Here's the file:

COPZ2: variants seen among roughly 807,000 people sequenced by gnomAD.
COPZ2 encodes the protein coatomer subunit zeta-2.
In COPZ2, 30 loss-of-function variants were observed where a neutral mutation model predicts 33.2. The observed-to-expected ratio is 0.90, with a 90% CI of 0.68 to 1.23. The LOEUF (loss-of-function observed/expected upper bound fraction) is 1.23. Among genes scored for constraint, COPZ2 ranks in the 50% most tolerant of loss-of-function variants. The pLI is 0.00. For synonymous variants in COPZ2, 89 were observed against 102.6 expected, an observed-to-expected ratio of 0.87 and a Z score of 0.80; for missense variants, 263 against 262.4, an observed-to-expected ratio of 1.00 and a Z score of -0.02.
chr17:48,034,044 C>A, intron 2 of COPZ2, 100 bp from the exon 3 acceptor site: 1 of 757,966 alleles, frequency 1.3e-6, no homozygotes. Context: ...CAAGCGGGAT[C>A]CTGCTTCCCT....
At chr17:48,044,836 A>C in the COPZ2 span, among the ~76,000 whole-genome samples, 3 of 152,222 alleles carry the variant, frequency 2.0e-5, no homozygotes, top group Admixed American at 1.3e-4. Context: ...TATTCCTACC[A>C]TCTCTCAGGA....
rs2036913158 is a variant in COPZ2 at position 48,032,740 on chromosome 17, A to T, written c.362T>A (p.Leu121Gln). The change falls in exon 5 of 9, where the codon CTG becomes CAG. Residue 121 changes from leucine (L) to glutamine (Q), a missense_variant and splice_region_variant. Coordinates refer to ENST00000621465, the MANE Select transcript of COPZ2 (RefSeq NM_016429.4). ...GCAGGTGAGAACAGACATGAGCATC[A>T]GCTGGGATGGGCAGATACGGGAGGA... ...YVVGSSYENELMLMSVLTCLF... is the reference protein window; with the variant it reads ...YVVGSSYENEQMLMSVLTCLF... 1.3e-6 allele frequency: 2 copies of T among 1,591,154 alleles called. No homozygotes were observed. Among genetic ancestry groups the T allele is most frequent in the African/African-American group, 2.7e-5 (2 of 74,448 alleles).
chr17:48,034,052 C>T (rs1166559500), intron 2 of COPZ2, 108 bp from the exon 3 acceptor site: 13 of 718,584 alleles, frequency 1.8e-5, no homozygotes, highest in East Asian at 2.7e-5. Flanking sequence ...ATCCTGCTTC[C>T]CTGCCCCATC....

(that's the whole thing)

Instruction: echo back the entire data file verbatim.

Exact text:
COPZ2: variants seen among roughly 807,000 people sequenced by gnomAD.
COPZ2 encodes the protein coatomer subunit zeta-2.
In COPZ2, 30 loss-of-function variants were observed where a neutral mutation model predicts 33.2. The observed-to-expected ratio is 0.90, with a 90% CI of 0.68 to 1.23. The LOEUF (loss-of-function observed/expected upper bound fraction) is 1.23. Among genes scored for constraint, COPZ2 ranks in the 50% most tolerant of loss-of-function variants. The pLI is 0.00. For synonymous variants in COPZ2, 89 were observed against 102.6 expected, an observed-to-expected ratio of 0.87 and a Z score of 0.80; for missense variants, 263 against 262.4, an observed-to-expected ratio of 1.00 and a Z score of -0.02.
chr17:48,034,044 C>A, intron 2 of COPZ2, 100 bp from the exon 3 acceptor site: 1 of 757,966 alleles, frequency 1.3e-6, no homozygotes. Context: ...CAAGCGGGAT[C>A]CTGCTTCCCT....
At chr17:48,044,836 A>C in the COPZ2 span, among the ~76,000 whole-genome samples, 3 of 152,222 alleles carry the variant, frequency 2.0e-5, no homozygotes, top group Admixed American at 1.3e-4. Context: ...TATTCCTACC[A>C]TCTCTCAGGA....
rs2036913158 is a variant in COPZ2 at position 48,032,740 on chromosome 17, A to T, written c.362T>A (p.Leu121Gln). The change falls in exon 5 of 9, where the codon CTG becomes CAG. Residue 121 changes from leucine (L) to glutamine (Q), a missense_variant and splice_region_variant. Coordinates refer to ENST00000621465, the MANE Select transcript of COPZ2 (RefSeq NM_016429.4). ...GCAGGTGAGAACAGACATGAGCATC[A>T]GCTGGGATGGGCAGATACGGGAGGA... ...YVVGSSYENELMLMSVLTCLF... is the reference protein window; with the variant it reads ...YVVGSSYENEQMLMSVLTCLF... 1.3e-6 allele frequency: 2 copies of T among 1,591,154 alleles called. No homozygotes were observed. Among genetic ancestry groups the T allele is most frequent in the African/African-American group, 2.7e-5 (2 of 74,448 alleles).
chr17:48,034,052 C>T (rs1166559500), intron 2 of COPZ2, 108 bp from the exon 3 acceptor site: 13 of 718,584 alleles, frequency 1.8e-5, no homozygotes, highest in East Asian at 2.7e-5. Flanking sequence ...ATCCTGCTTC[C>T]CTGCCCCATC....